The biblical man did not fear an ox, though the Torah notes this week that an ox might gore a human to death. And whilst the Torah requires the execution by stoning of a man-killer oxen, it similarly decrees the same verdict for a human who murdered his fellowman.
In this weekly (monumental) Torah portion Yitro (Jethro) God reminds the people how He (metaphorically) borne it ‘’on the wings of eagles and brought you to Me’’. What is in the eagle (nesher in the Hebrew) that is so admirable, so God resembles His carrying the people in the wilderness like the eagle carries its eaglets on its back?
The dog makes its actual entrance into the Hebrew Bible in Parashat Bo when Moses informs the Pharaoh about the imminent Tenth plague that would devastate ‘’all the land of Egypt’’ and bring about ‘’a loud cry in’’ every Egyptian household.
What is the connection between Amalek’s inveterate hatred of the people Israel, from its first assault on Israel’s stragglers right after the Exodus, and through Haman’s genocidal plot in Persia that was foiled by Queen Esther, and the deep concerns today among American Jews about possible changes in the sensitive status quo regarding conversion to Judaism that the new Israel Government might enact, and our weekly Torah portion that concludes the Book of Genesis?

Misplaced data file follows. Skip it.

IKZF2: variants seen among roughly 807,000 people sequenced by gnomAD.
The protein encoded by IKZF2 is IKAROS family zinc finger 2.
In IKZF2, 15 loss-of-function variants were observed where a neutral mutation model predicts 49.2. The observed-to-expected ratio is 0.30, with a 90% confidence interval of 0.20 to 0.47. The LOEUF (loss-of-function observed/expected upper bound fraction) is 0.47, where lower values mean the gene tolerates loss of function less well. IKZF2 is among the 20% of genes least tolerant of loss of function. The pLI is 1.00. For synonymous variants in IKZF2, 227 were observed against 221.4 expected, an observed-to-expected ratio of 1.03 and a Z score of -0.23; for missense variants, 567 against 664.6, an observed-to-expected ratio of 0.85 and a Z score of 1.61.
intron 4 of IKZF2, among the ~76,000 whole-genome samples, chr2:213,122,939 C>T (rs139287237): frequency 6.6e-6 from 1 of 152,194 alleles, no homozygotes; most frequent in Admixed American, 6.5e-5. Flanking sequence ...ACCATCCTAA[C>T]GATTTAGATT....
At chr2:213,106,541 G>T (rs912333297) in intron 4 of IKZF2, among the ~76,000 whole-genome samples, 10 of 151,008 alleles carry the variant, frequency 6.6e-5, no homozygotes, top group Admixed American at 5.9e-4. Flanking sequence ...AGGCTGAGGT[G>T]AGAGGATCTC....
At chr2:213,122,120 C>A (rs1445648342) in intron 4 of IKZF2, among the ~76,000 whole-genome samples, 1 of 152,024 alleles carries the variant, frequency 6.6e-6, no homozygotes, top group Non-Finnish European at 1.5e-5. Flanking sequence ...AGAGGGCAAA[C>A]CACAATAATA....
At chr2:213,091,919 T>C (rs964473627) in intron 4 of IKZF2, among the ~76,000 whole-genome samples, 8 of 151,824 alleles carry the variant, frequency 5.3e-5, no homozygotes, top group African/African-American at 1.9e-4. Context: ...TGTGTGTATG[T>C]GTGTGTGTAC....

Ancient Egypt’s staple food, which is constantly featured on the main stage in this weekly Torah portion, Miketz, was essentially plant-based, or vegetarian. It is no wonder, therefore, why the Pharaoh went right to sleep after he first woke up following his first dream...
Reuben's lamentation, then, at seeing the empty pit without any clue for Joseph's whereabouts: ''The boy is gone, and I, where can I turn?'' might just as well be a call not to let the child in us leave us later on in life.
Given the scriptural evidence cited above it seems reasonable to infer that associating the dwelling in booths of the Israelites during their long journey through the Sinai desert was rather a late development that was projected retrospectively on the days of Sinai.
Selfishness is a major wall between a person and God; when a person goes – especially when s/he would rather not -- to a place where there is sadness in order to express sympathy, or when s/he goes to another place where there is joy in order to rejoice with them, one defies selfishness and gain more proximity to the presence of God.